By Rachel Witalec, VP of Product and Strategy at RapidAI
Despite incredible advancements in health technology over the last decade, many hospitals have remained hesitant to make meaningful changes to the way their emergency departments operate until COVID-19. This pandemic shed new light on the inefficiencies and pain points that have long plagued the process, and exposed the inability of legacy systems to deal with major operational challenges at a time when the stakes for triaging emergency department rooms for patients with emergent conditions got even higher.
One reason hospitals have been slower to implement innovative solutions is that there is little to no room for error. Every minute matters in the triage, diagnosis, and treatment of patients with life-threatening conditions, and it can be hard to take risks when lives are on the line. As a result, the tendency for some hospitals has been to stick with the status quo — radio calls guiding patients to the closest hospital regardless of the facility’s ability to treat them; incomplete or inaccurate patient information shared sequentially through a series of pages and phone calls making it time-consuming and error prone for teams to get a single view of patient’s state; and basic imaging solutions leaving much to interpretation and not getting sent for review for transfer candidates resulting in unnecessary or bad transfers.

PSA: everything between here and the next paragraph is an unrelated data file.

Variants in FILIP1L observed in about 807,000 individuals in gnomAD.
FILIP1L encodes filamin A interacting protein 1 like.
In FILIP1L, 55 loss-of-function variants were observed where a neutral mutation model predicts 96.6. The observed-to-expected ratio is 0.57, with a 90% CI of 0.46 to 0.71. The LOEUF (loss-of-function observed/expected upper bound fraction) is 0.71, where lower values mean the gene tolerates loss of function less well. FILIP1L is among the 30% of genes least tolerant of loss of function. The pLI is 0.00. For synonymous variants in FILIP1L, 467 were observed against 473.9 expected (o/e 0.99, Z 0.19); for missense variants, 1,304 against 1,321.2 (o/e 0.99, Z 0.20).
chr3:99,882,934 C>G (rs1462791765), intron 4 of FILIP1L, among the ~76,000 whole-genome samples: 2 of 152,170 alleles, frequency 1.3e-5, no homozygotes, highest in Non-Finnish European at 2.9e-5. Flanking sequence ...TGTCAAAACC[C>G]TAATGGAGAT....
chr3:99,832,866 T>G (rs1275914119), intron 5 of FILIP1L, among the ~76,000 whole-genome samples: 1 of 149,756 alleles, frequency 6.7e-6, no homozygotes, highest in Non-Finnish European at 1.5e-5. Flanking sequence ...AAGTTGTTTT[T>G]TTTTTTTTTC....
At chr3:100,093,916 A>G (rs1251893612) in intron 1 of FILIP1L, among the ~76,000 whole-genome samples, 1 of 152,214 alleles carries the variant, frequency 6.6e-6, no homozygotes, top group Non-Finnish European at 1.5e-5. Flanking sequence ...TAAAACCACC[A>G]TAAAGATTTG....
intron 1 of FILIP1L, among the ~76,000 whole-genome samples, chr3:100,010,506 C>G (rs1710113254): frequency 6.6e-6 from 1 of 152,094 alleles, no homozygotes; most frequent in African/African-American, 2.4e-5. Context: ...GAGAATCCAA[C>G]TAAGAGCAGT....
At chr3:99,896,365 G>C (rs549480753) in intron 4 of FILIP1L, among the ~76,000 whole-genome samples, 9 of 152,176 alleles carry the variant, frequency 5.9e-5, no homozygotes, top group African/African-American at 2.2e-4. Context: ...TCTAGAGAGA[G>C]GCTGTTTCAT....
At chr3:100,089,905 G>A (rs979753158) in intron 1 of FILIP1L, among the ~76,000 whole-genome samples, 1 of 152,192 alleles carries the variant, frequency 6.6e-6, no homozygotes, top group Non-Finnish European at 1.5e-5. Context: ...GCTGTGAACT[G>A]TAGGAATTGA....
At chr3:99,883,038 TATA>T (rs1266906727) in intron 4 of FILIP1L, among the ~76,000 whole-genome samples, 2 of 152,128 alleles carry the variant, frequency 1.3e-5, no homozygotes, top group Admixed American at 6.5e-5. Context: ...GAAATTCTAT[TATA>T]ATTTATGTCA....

Not only do patients and hospital teams deserve better, but there are also enormous operational and financial benefits for health systems that embrace this new digital age in healthcare delivery. As hospitals emerge from the pandemic and reconsider new solutions to solve age-old problems with workflow, here are six considerations for vetting and implementing new technology:
- Modernize Thoughtfully — Stepping into the emergency department should not feel like stepping back in time, however technology doesn’t need to be complex to be valuable. Evaluate technology for both promise, but also sensibility. New tools should unquestionably alleviate physician burnout, rather than contribute to it, and flash does not always correlate to utility.
For example, modest investments into tablets or smartphones can open the door to an entire ecosystem of mobile health, or mHealth, tools. Built upon everyday familiarity and convenience, and often requiring less training, today’s mobile technology can go beyond documentation and communication to support diagnostics and decision making from the palm of your hand.
- When In Doubt, Lean into Clinical — Record funding has continued to pour into healthcare and everyone from tech giants to small coding shops have taken notice. While there are countless examples of companies innovating — even disrupting— healthcare from tech roots, maintain a healthy dose of skepticism.
Whether it’s cost, data security, scalability, or another factor that is most important to your organization, never lose sight of clinical soundness. The best technologies will likely attract the best minds, so consider the medical experts involved in the product’s development, look to key opinion leaders you trust, and expect clinical validation throughout the process. Even most creative ideas may ultimately have little value in actually changing clinical care. Solutions born from clinical lenses and created by clinicians and teams who deeply understand these acute conditions know how to build technology that really can change patient care rather than burden physicians with another superfluous tech tool.